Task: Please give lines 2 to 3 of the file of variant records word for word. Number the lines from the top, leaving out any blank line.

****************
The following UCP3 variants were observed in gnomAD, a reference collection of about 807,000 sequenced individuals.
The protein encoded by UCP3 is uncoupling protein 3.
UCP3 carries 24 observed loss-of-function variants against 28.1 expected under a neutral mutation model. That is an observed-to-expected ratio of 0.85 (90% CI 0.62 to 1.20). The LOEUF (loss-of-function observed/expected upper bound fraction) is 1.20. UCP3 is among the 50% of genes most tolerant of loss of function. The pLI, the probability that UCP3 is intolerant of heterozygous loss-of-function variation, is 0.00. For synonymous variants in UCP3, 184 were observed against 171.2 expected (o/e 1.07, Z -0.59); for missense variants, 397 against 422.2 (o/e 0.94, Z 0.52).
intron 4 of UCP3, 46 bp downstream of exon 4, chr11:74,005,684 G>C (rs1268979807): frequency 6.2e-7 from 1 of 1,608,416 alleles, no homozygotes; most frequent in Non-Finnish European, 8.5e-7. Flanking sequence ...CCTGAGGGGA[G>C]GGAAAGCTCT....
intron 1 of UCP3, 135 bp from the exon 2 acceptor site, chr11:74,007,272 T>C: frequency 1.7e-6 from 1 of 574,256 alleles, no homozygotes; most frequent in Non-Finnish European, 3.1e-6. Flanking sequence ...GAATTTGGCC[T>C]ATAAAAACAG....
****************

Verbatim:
The protein encoded by UCP3 is uncoupling protein 3.
UCP3 carries 24 observed loss-of-function variants against 28.1 expected under a neutral mutation model. That is an observed-to-expected ratio of 0.85 (90% CI 0.62 to 1.20). The LOEUF (loss-of-function observed/expected upper bound fraction) is 1.20. UCP3 is among the 50% of genes most tolerant of loss of function. The pLI, the probability that UCP3 is intolerant of heterozygous loss-of-function variation, is 0.00. For synonymous variants in UCP3, 184 were observed against 171.2 expected (o/e 1.07, Z -0.59); for missense variants, 397 against 422.2 (o/e 0.94, Z 0.52).